It Matters What We Sing

Last week I had the privilege of interacting with a songwriting class at Liberty University via Skype, thanks to Travis Doucette, who teaches the class. One of the things they were interested in was how I view worship songs in my role as a senior pastor.  Here’s what I said:

Worship songs have a critical teaching component.  Our time of singing together isn’t a warm-up for the preaching.  It’s a time for God’s word to dwell richly in us, as it says in Co 3:16:

Let the word of Christ dwell in you richly, teaching and admonishing one another in all wisdom, singing psalms and hymns and spiritual songs, with thankfulness in your hearts to God.

The word of Christ abides in us as we instruct and exhort one another, and as we sing to the Lord.  As we are worshiping, we are meditating. The lyrics are shaping us, as will the preaching to come.  As we sing of Christ and him crucified, truth sinks deep into our hearts – it dwells in us richly – and transforms us.

Every worship song transmits theology, either good or bad, and theology affects us.

Joshua Harris underscores how critical theology is in Dug Down Deep:

“I’ve come to learn that theology matters. And it matters not because we want a good grade on a test but because what we know about God shapes the way we think and live.  What you believe about God’s nature — what he is like, what he wants from you, and whether or not you will answer to him — affects every part of your life.”

As a pastor, I’m deeply concerned that we sing doctrinally accurate songs because they affect how we think about God. When folks in our church go through the fire, I want them to think rightly about God – that he is sovereign, loving, wise and good. When Satan accuses them, I want them to remember Christ was condemned in their place.  When they’re tempted to fear, I want them to recall God’s faithfulness.  They’ll learn these things through preaching and study, but they also learn them through the songs we sing.

Obviously, worship songs do more than teach.  They provide us with passionate expressions to our Lord’s revelation of himself. They help us delight in and enjoy him.  But they do teach.  If you’re a pastor or worship leader, be sure to feed your flock doctrinally rich songs.  They’ll be stronger in Christ and enjoy him more deeply.

photo by ramtops

  • Drewe

    Amen. One of the key takeaways from church for many people is the worship – they sing the songs in the car on the way home, maybe even into Monday and the following week!

    I am sure for many people they remember more the songs that were sung than the message that was preached. All the more reason our song choices need to be sound in doctrine!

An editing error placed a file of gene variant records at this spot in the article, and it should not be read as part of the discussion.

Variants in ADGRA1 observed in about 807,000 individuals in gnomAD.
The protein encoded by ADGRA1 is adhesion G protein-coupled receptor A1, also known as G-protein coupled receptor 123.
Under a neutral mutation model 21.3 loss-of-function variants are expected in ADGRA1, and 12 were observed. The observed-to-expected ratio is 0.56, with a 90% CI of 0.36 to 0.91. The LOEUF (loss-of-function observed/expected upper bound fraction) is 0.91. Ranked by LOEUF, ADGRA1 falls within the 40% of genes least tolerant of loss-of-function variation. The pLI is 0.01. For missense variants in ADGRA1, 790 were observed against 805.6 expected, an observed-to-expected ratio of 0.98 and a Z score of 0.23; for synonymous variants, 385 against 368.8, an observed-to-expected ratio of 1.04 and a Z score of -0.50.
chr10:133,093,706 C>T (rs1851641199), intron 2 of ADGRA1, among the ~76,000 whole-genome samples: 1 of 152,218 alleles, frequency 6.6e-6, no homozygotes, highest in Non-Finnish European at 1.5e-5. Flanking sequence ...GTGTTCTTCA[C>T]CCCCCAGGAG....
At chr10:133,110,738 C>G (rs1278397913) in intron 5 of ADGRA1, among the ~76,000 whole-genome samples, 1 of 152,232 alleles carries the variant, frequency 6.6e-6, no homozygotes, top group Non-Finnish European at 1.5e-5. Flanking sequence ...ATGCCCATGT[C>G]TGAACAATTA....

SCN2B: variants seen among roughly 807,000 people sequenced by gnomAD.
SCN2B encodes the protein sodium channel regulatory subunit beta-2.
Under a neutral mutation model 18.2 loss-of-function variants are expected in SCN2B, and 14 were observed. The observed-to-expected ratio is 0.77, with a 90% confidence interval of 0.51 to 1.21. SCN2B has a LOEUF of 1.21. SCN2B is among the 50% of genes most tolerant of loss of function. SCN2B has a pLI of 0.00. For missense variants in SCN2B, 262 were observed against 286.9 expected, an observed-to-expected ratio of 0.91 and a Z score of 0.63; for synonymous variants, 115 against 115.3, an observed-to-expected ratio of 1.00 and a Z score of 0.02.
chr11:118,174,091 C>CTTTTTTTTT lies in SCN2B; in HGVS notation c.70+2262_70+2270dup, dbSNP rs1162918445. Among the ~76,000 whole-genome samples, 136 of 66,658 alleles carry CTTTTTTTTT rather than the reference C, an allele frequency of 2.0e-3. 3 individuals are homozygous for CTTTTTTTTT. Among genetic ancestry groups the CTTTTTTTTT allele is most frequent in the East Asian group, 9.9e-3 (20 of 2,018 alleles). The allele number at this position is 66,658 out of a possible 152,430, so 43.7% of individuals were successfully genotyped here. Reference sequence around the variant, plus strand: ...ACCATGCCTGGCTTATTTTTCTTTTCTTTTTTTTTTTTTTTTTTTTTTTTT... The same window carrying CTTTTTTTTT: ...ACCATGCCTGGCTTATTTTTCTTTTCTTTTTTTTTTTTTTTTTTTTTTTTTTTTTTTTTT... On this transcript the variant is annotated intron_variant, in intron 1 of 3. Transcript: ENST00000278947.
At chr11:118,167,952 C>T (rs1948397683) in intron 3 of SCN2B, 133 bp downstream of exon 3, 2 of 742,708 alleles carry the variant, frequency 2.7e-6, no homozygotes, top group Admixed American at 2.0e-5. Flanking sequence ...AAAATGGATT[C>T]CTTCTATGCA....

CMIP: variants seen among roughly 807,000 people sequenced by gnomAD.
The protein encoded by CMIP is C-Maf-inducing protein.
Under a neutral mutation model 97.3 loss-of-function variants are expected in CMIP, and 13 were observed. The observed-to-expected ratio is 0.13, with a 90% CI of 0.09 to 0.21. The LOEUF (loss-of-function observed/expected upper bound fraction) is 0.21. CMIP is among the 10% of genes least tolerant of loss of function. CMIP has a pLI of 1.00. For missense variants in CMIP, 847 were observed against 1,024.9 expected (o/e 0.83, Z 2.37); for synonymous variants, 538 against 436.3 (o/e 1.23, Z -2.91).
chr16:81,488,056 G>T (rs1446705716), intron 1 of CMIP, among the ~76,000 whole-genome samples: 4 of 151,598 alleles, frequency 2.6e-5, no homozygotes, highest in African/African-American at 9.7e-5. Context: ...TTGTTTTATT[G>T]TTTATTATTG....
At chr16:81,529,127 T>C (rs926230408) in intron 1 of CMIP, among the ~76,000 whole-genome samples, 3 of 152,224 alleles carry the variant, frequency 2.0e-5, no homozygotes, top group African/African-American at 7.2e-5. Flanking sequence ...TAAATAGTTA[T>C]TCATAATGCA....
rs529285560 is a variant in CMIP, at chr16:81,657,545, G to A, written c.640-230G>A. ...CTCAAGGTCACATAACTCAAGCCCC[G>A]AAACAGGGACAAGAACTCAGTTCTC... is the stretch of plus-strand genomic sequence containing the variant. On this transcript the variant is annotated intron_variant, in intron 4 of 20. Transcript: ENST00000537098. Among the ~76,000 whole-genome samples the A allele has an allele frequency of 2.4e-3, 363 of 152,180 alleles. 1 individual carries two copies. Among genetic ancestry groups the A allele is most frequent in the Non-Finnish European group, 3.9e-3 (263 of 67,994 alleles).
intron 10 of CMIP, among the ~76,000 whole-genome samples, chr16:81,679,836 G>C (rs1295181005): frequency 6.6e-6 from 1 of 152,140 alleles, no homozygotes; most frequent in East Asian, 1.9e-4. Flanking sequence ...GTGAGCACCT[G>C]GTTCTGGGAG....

• Mark Altrogge

      Great comments Drewe. Tho I would hope folks remember the preaching and apply it, worship songs do have the benefit of being memorable and being sung over and over.

  • @mjtanis

    1 Pet 2:9 But you are a chosen race, a royal priesthood, a holy nation, a people for his own possession, that you may proclaim the excellencies of him who called you out of darkness into his marvelous light.

    I read this verse in working through 9Marks of a Healthy Church in SS – on the importance of Biblical Theology and my mind immediately reflected on worship – "that we may proclaim the excellencies of him who called you out of darkness into his marvelous light."

    so awesome!

    • Mark Altrogge

      Great verse! Thanks for adding it!

  • Tom

    Great post Mark.

    I was having this kind of discussion after church yesterday morning – one of the songs we sang, I just didn't 'get' what it was about – I didn't understand what the song was about and was talking about how it's important we know what we're singing and why we're singing and to whom we're singing.

    If we're not sure, then our view of God will be confused and unhelpful too. I'm unashamedly a hymn 'geek' and love many (not all hymns are great!) of them – the words are often incredible and help me focus on God and what He has done through Jesus on the cross. I wish more songs nowadays were clearly written and biblically sound.

    Great post, great thoughts.

  • Mark Altrogge

    Hey Tom — "If we're not sure, then our view of God will be confused and unhelpful too" — amen! I completely agree.

  • Elaine

    What a great opportunity the Lord gave you with the Liberty class! What a blessing to influence the next generation of potential pastors and songwriters.

    The Lord has brought many people into our lives who graciously taught us that doctrine matters and that belief has not only influenced us but our children as well. We are thankful for books like Dug Down Deep which convey the importance of sound doctrine in such an approachable way – my Biblical Worldview students loved it and still bring it up in our conversations. We are thankful for the emphais you, Stephen, and other songwriters place on writing doctrinally sound songs and I am reminded to give thanks to the Lord for His kindness and care every time I hear our children singing these songs.

    • MarkAltrogge

      Hi Elaine,

      What a great opportunity and honor it was for me. You too are influencing the next generation in your Biblical Worldview class – that's so great that you do that. Thanks again for your encouragement, Elaine. You are always so encouraging to us – I want to be like you!

  • JackW

    I’m really thankful for people like you, the rest of the Sovereign Grace folks, and the Getty’s for making some of the best worship music both musically and theologically to be found.

    • MarkAltrogge

      Thank you so much, Jack. We have been the beneficiary of great leadership and wonderful teaching from so many – it's the kindness of God that I even know about sound doctrine.

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